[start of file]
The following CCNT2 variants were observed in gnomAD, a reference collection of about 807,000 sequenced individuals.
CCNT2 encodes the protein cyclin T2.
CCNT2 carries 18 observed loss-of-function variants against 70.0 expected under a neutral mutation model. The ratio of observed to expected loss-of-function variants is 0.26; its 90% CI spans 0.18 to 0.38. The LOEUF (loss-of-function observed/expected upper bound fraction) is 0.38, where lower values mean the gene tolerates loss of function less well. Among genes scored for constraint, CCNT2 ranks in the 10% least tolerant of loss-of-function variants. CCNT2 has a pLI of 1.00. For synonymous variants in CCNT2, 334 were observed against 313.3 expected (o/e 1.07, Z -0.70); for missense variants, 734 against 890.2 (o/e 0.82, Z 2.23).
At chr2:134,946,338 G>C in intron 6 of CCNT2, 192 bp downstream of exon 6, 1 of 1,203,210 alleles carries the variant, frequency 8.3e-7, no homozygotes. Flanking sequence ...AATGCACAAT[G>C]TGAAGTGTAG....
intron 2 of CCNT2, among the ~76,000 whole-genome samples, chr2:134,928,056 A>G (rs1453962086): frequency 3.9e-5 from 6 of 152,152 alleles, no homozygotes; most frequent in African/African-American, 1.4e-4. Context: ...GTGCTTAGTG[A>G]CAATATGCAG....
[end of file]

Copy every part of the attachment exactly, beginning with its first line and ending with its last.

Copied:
The following CCNT2 variants were observed in gnomAD, a reference collection of about 807,000 sequenced individuals.
CCNT2 encodes the protein cyclin T2.
CCNT2 carries 18 observed loss-of-function variants against 70.0 expected under a neutral mutation model. The ratio of observed to expected loss-of-function variants is 0.26; its 90% CI spans 0.18 to 0.38. The LOEUF (loss-of-function observed/expected upper bound fraction) is 0.38, where lower values mean the gene tolerates loss of function less well. Among genes scored for constraint, CCNT2 ranks in the 10% least tolerant of loss-of-function variants. CCNT2 has a pLI of 1.00. For synonymous variants in CCNT2, 334 were observed against 313.3 expected (o/e 1.07, Z -0.70); for missense variants, 734 against 890.2 (o/e 0.82, Z 2.23).
At chr2:134,946,338 G>C in intron 6 of CCNT2, 192 bp downstream of exon 6, 1 of 1,203,210 alleles carries the variant, frequency 8.3e-7, no homozygotes. Flanking sequence ...AATGCACAAT[G>C]TGAAGTGTAG....
intron 2 of CCNT2, among the ~76,000 whole-genome samples, chr2:134,928,056 A>G (rs1453962086): frequency 3.9e-5 from 6 of 152,152 alleles, no homozygotes; most frequent in African/African-American, 1.4e-4. Context: ...GTGCTTAGTG[A>G]CAATATGCAG....